Skip to main content

How much has the response rate shaped our methods?

In recent posts, I've been speculating about what it might mean to optimize survey data collections to something other than the response rate. We might also look at the "inverse" problem -- how has the response rate shaped what we currently do? Of course, the response rate does not dominate every decisions that gets made on every survey. But it has had a far-reaching impact on practice. Why else would we need to expend so much energy reminding ourselves that it isn't the whole story?

The outlines of that impact are probably difficult to determine. For example, interviewers are often judged by their response rates (or possibly conditional response rates). If they were to be judged by some other criterion, how would their behavior change? For example, if interviewers were judged by how balanced their set of respondents were, how would that impact their moment-to-moment decision-making? What would their supervisors do differently? What information would sample management systems deliver to interviewers? What would project managers look at on a day-to-day basis?

It seems to me that it is difficult to see where the influence of the response rate begins and ends. At the moment, we are taking baby steps away from judging everything in terms of the response rate. We check sample balance, while seeking to maximize response rates. If the sample balance begins to be out of whack, we intervene to control the process a bit. But this is still a long way from what it might look like to be maximizing some function other than the response rate.


Popular posts from this blog

"Responsive Design" and "Adaptive Design"

My dissertation was entitled "Adaptive Survey Design to Reduce Nonresponse Bias." I had been working for several years on "responsive designs" before that. As I was preparing my dissertation, I really saw "adaptive" design as a subset of responsive design.

Since then, I've seen both terms used in different places. As both terms are relatively new, there is likely to be confusion about the meanings. I thought I might offer my understanding of the terms, for what it's worth.

The term "responsive design" was developed by Groves and Heeringa (2006). They coined the term, so I think their definition is the one that should be used. They defined "responsive design" in the following way:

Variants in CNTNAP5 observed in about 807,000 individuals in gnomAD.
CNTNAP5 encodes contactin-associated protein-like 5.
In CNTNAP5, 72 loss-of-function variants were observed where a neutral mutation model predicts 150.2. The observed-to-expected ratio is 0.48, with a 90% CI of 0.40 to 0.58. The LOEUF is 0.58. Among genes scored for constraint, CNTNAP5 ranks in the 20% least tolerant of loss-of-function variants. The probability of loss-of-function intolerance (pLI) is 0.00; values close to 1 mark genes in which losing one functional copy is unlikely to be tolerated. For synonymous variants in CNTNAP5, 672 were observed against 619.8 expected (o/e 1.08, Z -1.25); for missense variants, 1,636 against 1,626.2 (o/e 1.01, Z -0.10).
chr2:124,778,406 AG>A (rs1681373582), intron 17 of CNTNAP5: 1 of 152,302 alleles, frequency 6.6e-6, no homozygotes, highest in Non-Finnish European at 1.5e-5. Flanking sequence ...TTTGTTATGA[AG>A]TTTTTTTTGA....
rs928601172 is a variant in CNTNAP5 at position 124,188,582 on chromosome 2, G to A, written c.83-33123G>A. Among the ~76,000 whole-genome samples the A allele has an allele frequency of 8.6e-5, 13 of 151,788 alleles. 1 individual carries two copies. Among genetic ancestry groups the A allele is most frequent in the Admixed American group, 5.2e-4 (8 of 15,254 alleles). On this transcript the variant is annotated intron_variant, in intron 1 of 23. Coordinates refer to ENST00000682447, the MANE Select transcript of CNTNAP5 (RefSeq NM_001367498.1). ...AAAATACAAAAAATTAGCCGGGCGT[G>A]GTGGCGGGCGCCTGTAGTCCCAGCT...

1. Preidentify a set of design features that affect cost and error tradeoffs.
2. Identify indicators for these costs and errors. Monitor these during data collection.
3. Alter the design features based on pre-identified decision rules based on the indi…

Future of Responsive and Adaptive Design

A special issue of the Journal of Official Statistics on responsive and adaptive design recently appeared. I was an associate editor for the issue and helped draft an editorial that raised issues for future research in this area. The last chapter of our book on Adaptive Survey Design also defines a set of questions that may be of issue.

I think one of the more important areas of research is to identify targeted design strategies. This differs from current procedures that often sequence the same protocol across all cases. For example, everyone gets web, then those who haven't responded to  web get mail. The targeted approach, on the other hand, would find a subgroup amenable to web and another amenable to mail.

This is a difficult task as most design features have been explored with respect to the entire population, but we know less about subgroups. Further, we often have very little information with which to define these groups. We may not even have basic household or person chara…

An Experimental Adaptive Contact Strategy

I'm running an experiment on contact methods in a telephone survey. I'm going to present the results of the experiment at the FCSM conference in November. Here's the basic idea.

Multi-level models are fit daily with the household being a grouping factor. The models provide household-specific estimates of the probability of contact for each of four call windows. The predictor variables in this model are the geographic context variables available for an RDD sample.

Let $\mathbf{X_{ij}}$ denote a $k_j \times 1$ vector of demographic variables for the $i^{th}$ person and $j^{th}$ call. The data records are calls. There may be zero, one, or multiple calls to household in each window. The outcome variable is an indicator for whether contact was achieved on the call. This contact indicator is denoted $R_{ijl}$ for the $i^{th}$ person on the $j^{th}$ call to the $l^{th}$ window. Then for each of the four call windows denoted $l$, a separate model is fit where each household is assum…